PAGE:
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  #4  
Old 14-10-2019, 11:03 AM
Altair Altair is offline
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Here in Europe it's not celebrated [maybe some people organize some events though]. I think it's a funny tradition. Maybe we can make it an adult holiday, have people dress up as succubi and lovely dark sorceresses.
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  #5  
Old 14-10-2019, 08:28 PM
Lucky 1 Lucky 1 is offline
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Here In Texas on into Mexican the majority are Catholic and in the Latin culture they do a form of Halloween known as dia de los muertos (Day of the Dead)

As strictly Catholic as the Spanish seem to be....they don't seem have any problems with this belief right along side of it.

For that matter....my grand kids go to Catholic school....and the school has a Halloween carnival every year too.

Currently, my grandsons intend to have me prowling the neighborhood in a Godzilla outfit come Halloween night! ROAR!
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  #6  
Old 14-10-2019, 08:45 PM
Altair Altair is offline
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Quote:
Originally Posted by Lucky 1
As strictly Catholic as the Spanish seem to be....they don't seem have any problems with this belief right along side of it.

For that matter....my grand kids go to Catholic school....and the school has a Halloween carnival every year too.

Catholics are loose in general, at least in modern times. There are Catholics in my family and I lived with Catholic families in Central America..
Haven't seen any fundamentalism, and they don't mind to celebrate and have fun.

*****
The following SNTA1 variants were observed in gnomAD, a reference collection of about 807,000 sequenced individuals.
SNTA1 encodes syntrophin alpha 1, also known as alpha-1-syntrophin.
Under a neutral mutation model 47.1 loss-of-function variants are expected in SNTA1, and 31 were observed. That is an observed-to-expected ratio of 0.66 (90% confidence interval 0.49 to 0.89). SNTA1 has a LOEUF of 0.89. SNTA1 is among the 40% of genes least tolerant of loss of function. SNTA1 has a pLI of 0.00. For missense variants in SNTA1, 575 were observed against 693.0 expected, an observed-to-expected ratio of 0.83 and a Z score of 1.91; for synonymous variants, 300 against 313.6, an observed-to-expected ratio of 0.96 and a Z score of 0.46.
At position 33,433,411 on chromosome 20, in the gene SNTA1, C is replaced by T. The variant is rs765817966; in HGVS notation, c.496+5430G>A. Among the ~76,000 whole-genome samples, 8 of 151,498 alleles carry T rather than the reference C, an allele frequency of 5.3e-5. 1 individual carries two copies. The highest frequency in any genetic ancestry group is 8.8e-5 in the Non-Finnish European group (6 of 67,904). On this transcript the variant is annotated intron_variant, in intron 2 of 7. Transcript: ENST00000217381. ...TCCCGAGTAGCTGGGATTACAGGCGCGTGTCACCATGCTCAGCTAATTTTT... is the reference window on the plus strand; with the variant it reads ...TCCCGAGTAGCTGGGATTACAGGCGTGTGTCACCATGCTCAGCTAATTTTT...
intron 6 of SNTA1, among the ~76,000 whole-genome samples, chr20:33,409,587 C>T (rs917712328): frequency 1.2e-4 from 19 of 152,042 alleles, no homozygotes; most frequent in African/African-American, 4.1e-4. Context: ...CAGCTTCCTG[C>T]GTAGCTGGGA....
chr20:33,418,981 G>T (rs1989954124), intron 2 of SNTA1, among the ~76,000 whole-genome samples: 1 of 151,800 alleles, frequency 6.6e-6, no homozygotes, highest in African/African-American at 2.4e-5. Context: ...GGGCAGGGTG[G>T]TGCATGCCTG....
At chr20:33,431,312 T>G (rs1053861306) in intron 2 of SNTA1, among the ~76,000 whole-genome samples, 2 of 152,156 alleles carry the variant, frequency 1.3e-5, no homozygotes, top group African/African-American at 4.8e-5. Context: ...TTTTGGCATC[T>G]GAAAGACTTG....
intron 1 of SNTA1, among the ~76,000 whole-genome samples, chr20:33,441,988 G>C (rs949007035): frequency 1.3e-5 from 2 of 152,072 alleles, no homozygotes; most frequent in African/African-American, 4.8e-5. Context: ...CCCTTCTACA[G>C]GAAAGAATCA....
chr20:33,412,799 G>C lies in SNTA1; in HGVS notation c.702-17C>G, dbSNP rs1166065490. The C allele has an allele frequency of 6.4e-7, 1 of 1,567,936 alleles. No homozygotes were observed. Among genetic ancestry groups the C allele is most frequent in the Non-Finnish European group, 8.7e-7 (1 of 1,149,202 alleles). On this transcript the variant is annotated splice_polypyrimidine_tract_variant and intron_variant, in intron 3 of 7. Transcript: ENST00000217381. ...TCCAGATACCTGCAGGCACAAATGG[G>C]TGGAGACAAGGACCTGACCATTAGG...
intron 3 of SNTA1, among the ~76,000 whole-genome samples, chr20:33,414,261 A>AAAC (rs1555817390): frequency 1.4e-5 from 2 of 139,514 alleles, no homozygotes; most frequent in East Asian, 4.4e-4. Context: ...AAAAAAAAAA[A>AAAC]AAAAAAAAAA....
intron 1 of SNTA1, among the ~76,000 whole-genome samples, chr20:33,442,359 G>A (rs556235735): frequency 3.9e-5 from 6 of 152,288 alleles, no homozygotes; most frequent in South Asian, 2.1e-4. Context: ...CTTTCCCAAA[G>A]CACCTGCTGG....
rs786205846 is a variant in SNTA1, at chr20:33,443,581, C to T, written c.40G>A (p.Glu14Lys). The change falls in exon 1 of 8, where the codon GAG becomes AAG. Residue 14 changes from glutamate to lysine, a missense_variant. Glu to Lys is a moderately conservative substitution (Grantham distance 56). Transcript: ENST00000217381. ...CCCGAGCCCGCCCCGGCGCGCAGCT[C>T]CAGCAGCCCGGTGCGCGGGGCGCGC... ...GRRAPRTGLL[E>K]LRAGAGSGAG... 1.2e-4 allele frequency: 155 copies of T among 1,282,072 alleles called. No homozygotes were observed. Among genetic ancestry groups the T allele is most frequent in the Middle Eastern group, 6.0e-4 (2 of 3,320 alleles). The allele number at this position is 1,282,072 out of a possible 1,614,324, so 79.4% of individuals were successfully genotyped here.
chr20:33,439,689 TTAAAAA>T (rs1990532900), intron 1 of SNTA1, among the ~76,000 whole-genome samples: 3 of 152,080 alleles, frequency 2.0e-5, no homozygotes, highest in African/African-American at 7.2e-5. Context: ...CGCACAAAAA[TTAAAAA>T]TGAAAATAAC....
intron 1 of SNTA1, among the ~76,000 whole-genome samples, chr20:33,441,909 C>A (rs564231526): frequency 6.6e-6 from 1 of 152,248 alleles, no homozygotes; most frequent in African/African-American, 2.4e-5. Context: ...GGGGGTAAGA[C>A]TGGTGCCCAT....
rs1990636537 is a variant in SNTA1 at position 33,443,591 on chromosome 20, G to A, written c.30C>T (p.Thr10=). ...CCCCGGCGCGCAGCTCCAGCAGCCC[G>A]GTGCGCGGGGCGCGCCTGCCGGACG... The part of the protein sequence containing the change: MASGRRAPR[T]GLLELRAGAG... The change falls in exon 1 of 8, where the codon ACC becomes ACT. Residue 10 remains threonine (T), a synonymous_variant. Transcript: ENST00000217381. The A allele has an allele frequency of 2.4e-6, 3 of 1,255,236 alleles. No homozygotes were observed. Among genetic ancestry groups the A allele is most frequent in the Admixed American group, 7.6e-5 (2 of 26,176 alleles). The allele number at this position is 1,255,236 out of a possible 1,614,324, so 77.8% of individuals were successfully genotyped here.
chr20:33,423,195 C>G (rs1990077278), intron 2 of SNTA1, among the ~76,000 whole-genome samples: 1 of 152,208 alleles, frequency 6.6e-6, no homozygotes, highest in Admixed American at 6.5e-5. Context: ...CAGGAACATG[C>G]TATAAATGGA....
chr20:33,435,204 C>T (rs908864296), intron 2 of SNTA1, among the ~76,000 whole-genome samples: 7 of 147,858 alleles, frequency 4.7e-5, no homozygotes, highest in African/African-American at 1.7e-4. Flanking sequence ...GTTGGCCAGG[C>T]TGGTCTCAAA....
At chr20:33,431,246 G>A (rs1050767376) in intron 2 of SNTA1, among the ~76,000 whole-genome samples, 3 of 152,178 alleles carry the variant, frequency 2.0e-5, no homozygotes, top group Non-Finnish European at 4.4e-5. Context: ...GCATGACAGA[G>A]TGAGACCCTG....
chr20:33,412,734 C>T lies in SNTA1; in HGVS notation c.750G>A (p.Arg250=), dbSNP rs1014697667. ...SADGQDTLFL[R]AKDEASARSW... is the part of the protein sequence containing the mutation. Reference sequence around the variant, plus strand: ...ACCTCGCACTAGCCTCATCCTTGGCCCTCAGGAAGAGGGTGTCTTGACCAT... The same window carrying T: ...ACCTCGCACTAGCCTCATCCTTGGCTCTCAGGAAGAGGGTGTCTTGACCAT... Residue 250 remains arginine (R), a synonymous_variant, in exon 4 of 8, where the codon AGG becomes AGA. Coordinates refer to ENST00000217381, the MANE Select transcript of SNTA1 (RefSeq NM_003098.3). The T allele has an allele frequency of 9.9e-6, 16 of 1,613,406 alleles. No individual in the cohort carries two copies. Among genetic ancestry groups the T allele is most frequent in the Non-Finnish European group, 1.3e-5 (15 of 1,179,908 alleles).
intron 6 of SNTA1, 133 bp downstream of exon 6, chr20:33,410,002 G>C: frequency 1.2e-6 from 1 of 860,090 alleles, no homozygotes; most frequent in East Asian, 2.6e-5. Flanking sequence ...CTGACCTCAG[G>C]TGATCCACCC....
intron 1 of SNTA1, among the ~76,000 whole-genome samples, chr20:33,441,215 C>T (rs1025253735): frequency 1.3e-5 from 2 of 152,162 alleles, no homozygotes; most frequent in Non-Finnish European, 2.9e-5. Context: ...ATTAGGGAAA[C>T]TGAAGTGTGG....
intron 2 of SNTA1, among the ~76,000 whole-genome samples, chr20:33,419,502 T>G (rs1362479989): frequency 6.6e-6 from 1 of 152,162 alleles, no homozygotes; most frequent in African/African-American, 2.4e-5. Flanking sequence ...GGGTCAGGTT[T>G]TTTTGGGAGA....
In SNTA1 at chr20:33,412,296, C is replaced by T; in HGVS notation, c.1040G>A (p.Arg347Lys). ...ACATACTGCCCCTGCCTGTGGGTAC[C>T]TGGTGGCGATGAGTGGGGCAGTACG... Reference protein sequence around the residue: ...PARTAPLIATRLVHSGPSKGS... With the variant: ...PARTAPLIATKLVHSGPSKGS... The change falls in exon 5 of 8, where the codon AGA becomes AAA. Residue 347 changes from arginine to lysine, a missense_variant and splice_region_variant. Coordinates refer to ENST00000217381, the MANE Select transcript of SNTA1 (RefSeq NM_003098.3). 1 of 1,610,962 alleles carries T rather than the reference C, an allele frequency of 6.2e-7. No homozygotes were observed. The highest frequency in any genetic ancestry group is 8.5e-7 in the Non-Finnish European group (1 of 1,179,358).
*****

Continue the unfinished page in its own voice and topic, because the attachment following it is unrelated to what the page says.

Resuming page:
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  #7  
Old 17-10-2019, 05:40 PM
Found Goat Found Goat is offline
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As a partly neo-pagan (who would celebrate Halloween himself if he was even the least bit interested in it), it is nevertheless fascinating to observe this modern curiosity which has the lenient denominations seeing nothing unchristian about participating in this glamorized, pagan holiday. I still donít get it.

It is what makes some outsiders who find it difficult to fathom this glaring overlapping of faith question the sincerity and depth of certain religious convictions, and what has often led to the would-be convert of principles and integrity to seek out and ultimately choose the more conservative churches over the nominally identified: those with arguably very little spiritual boundaries and so watered down by worldly influences to the point of their being practically indistinguishable from practicing secularism.

I did not realize that Halloween is not all that popular in (parts of) Europe. This to me is rather surprising, considering the continentís largely Celtic origins.